Sunday, November 19, 2017

D.A.B.S.A has a stud register established for American Mammoth Jackstock imported in recent years, and their progeny, with the aim to maintain a record of bloodlines, origins, and breed standards - thus encouraging the genetic integrity of this breed of Jackstock.

In addition, D.A.B.S.A has an established appendix for part bred Mammoth stock, to meet the perceived needs of Australian breeders.


The past few years have seen several imports of Jackstock from USA to Australia.

The intention in forming this register was to ensure that the records contain as much information as possible about the breeding, background and physical aspects of the Mammoth Jackstock registered, in order to preserve breeding details, and to allow breeders to make informed decisions.

History in USA:

The original "Mother Stud Book " for the American Jackstock was first called the American Standard Jackstock Register, and was established in late 1890's. The "Standard" meaning that they had been measured against a standard for quality. The Standard includes criteria such as bone circumference as well as height, good width, depth, length, strong loin, a well muscled neck (not over thick and of proper length), feet of good size and shape, and a well shaped head, with the right size in relation to the body, and with large well-set eyes. It continues to this day-and is now known as the American Mammoth Jackstock Register - AMJR.

Europe once had many breeds of Large Donkeys, e.g. the Andalusian, Catalonian, Majorcan, Maltese, Poitou, Portuguese. These animals were up to sixteen hands in height. Most are endangered and near extinct today in their native lands.

In the USA records show that some of these breeds were already being imported before the Civil War. In 1785 George Washington, after expressing an interest, was presented by the King of Spain with a Jack - "Royal Gift", at the same time he also received "Knight of Malta" from Marquis de Lafayette.

From this beginning, stud breeders were to go on to source the best of Europe’s Jackstock to bring to the now established industry of Jackstock and Mule breeding farms. Records were carefully kept, and a studbook opened.

One of the most influential sires was the Jack "Imported Mammoth", imported to North Kentucky during the Civil War - he was reputed to be an outstanding individual of some sixteen hands who did more to improve the bred than any other jack. "Limestone Mammoth" a descendant of "Mammoth" was another good Jack to inherit his attributes. "Limestone Mammoth" was bred by the Col Monsees and Sons, Missouri - one of the stud farms Australia's Mammoth Jackstock was imported from, whose lines and details are now lost here.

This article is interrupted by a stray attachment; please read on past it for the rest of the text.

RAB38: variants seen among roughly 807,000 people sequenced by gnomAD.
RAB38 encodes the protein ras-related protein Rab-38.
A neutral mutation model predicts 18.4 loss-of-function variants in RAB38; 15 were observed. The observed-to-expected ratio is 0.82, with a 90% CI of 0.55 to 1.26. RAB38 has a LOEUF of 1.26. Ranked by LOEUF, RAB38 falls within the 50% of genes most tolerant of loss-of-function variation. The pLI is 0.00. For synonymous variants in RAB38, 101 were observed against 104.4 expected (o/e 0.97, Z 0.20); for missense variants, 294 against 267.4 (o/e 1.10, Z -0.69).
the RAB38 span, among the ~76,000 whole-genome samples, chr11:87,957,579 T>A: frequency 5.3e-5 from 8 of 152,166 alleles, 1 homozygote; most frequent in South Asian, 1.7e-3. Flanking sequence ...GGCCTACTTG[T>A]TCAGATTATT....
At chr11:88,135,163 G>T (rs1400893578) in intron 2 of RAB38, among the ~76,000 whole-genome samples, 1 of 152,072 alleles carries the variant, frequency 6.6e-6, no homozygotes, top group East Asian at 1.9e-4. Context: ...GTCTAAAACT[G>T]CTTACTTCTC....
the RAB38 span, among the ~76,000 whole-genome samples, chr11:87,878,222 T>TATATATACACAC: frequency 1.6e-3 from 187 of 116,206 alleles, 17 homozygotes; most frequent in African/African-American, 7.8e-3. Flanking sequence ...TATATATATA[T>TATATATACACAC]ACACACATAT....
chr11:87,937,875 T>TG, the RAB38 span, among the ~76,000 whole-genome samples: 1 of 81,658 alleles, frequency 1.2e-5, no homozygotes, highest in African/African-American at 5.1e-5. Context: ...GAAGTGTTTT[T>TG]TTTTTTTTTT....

History -in Australia:

There are records of European Jackstock Breeds being imported to Australia as early as 1860 - shipping records record Maltese Jacks coming here, and later mention of "Spanish" Jacks. Whether this meant one of the Spanish Breeds, or was a generic term for a large Jack is unknown. The AAC imported Chilean Muleteers and their animals and Burra also had a contingent of Muleteers with their Donkeys and Mules.

It is a fact that imports of Large Jackstock were made to Australia over the past 120 years, by both Government agencies, and by private individuals who wished to infuse them into the local working stock, and also for the purpose of Mule breeding. Many of the Jackstock were brought from the best and well-known areas for Jackstock in the USA, Missouri. A large farm at Gunnedah, "Nombi", was in 1909 described as being the largest stud in Australia, standing many Imported American and Spanish Jacks. The NSW Gov had a breeding program, and a yearbook of 1917 stated "Half the farm is given over to the purposes of breeding Mules and Donkeys".

By the time the new century had reached pre WW2, the mechanization of the armies, farms, and rural transport industry had Jackstock and Mules redundant and they became almost a forgotten part of our rural history. Up until perhaps the 1980's the occasional near Mammoth size Jack or Jenny could still be found, but had for the most part disappeared. The last known import was 1935, by the Queensland Government for Mule breeding for the sugar industry.

In the 1960's when the canned pet food industry became a large consumer of meat, many Donkeys in closer areas, that might have survived mechanization, became a resource for the pet food industry.

Donkeys of Mammoth size were still very occasionally found up till the 1970's, but generally did not breed true to size, having been bred from genetically mixed sized stock. The average became what could easily survive and breed in feral herds, where a medium size animal could survive in the arid areas in which they lived. Some studs who used feral aniamls as foundation stock found stud bred Donkeys had an increase of an inch or two over their parents ..but rarely did they breed anything of 13hands and over. The genetic influence of size from the Mammoth Jackstock was now diluted and lost.

Thanks go to Pat Emmett for this interesting and informative read.

(Thanks to AMJR nad AMDS for information on American Jackstock)

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